Cartmill presented some preliminary data on soil health collected in the fall of 2022. One piece he focuses on is the earthworm count, which is the earthworm population in a cubic foot of soil. The Horse Creek plot follows trends that have been well documented; the more tillage you do, the lower the population will be. With this being preliminary data, he was cautious to emphasize it. He also shared the carbon and nitrogen levels, which didn’t show much significance. He did expect levels to be higher in the no-till areas. He also mentioned lower bulk density, meaning a lower compaction rate in the no-till areas. Once they have a few more years of data, he will be able to share more comparisons and results.
WWCC’s continued partnership with UWRF provided the opportunity to hear an update on the ongoing well-testing and lysimeter research. Dr. Jill Coleman Wasik, associate professor of environmental science at UWRF, has grown her sampling effort from 45 wells in 2018 to 100 wells this past year. With a long-standing study, she can look back on wet versus dry years to see what sticks out. For example, in a wet year, she saw some of the nitrate concentrations tick upward in some of our wells. And now over these last couple of dry years, she’s seeing a tick downward in those nitrate concentrations in wells.
“This indicates or suggests that maybe at least some of the wells in the data set are responding rapidly to weather and climate. And you know, how the water is moving into the soil,” Coleman Wasik said. “There are a variety of factors that we look at when we're thinking about how susceptible is a well to something that might be coming from the surface.”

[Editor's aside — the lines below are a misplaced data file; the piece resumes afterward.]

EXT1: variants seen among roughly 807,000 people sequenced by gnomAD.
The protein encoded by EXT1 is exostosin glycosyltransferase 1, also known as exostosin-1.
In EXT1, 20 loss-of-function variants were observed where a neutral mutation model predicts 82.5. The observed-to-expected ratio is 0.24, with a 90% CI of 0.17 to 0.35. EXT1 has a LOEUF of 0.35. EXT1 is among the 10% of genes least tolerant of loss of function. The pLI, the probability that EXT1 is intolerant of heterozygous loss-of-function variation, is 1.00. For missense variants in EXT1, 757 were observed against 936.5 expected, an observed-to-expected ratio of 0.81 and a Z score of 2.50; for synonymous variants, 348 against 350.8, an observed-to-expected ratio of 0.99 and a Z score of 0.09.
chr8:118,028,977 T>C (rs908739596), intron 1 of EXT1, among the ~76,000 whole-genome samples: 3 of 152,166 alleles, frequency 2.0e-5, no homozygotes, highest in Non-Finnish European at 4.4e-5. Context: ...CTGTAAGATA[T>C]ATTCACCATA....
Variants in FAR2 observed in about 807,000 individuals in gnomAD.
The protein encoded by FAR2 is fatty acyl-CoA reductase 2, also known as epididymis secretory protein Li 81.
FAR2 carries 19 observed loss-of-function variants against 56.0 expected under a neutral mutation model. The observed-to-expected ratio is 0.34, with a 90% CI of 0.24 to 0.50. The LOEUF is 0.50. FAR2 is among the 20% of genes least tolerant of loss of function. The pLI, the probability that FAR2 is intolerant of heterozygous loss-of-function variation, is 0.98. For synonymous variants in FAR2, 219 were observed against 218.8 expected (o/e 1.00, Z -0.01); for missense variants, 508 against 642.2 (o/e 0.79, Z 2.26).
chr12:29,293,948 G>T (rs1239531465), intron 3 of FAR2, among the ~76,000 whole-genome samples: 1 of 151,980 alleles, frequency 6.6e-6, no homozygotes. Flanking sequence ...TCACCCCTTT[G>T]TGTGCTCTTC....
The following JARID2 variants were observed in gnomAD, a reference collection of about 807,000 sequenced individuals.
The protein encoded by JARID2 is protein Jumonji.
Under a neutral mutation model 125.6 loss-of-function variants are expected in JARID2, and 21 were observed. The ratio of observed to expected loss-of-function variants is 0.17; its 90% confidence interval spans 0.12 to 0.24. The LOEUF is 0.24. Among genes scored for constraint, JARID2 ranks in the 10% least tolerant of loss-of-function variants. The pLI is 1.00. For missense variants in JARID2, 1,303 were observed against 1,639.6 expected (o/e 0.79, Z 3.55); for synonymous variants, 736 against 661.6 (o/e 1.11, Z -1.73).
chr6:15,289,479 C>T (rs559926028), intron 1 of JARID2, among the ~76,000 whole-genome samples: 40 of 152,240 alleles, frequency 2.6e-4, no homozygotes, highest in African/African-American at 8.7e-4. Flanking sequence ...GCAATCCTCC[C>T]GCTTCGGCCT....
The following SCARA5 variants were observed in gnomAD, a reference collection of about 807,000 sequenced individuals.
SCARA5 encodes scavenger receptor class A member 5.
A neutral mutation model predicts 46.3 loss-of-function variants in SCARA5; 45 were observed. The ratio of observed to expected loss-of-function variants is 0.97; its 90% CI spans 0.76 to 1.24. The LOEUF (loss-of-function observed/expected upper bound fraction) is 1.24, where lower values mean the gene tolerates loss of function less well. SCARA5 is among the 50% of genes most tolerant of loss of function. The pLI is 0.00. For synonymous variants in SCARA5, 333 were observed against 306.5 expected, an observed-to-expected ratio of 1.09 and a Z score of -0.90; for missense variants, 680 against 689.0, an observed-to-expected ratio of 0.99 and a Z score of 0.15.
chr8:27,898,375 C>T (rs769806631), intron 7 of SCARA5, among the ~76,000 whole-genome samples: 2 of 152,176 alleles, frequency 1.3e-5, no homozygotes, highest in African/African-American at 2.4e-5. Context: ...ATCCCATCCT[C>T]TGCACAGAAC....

She also shared that the depth of a well can affect the results. When a nitrate doesn’t have very far to go down, it makes sense to show up in the test. When you have much deeper wells, sometimes either the nitrate takes longer to get down there or more likely that well is drawn from an aquifer where the groundwater has a much, much longer path that it's taking to move through that system. All WWCC members are added to the well-testing project. Farmers interested in getting their well tested should reach out to WWCC.
The annual meeting also included a farmer panel discussion on “Minimum till and no-till with cover crop termination and planter attachments.” Dave Tollberg, a local agronomist, moderated the discussion with farmers Greg Friendshuh, Andy Bensend and Scott Carlson. All panelists got into conservation practices for varied reasons, and all have plans to continue doing them. Some of the biggest benefits they agree on are weed suppression, strong soil structure and water management. They also encouraged the audience to start small and try reducing tillage or planting cover crops for multiple years to see the difference.
“One of the easiest things to do to ensure success is to start small and try things out on a more limited acreage basis before you try to do the whole farm,” Bensend said. “Another piece of advice is to get yourself connected to a farmer-led watershed group that has people with experience in it and listen, watch, pay attention and attend meetings. There's a lot of help out here and there's a lot of experience that most of those guys are willing to share.”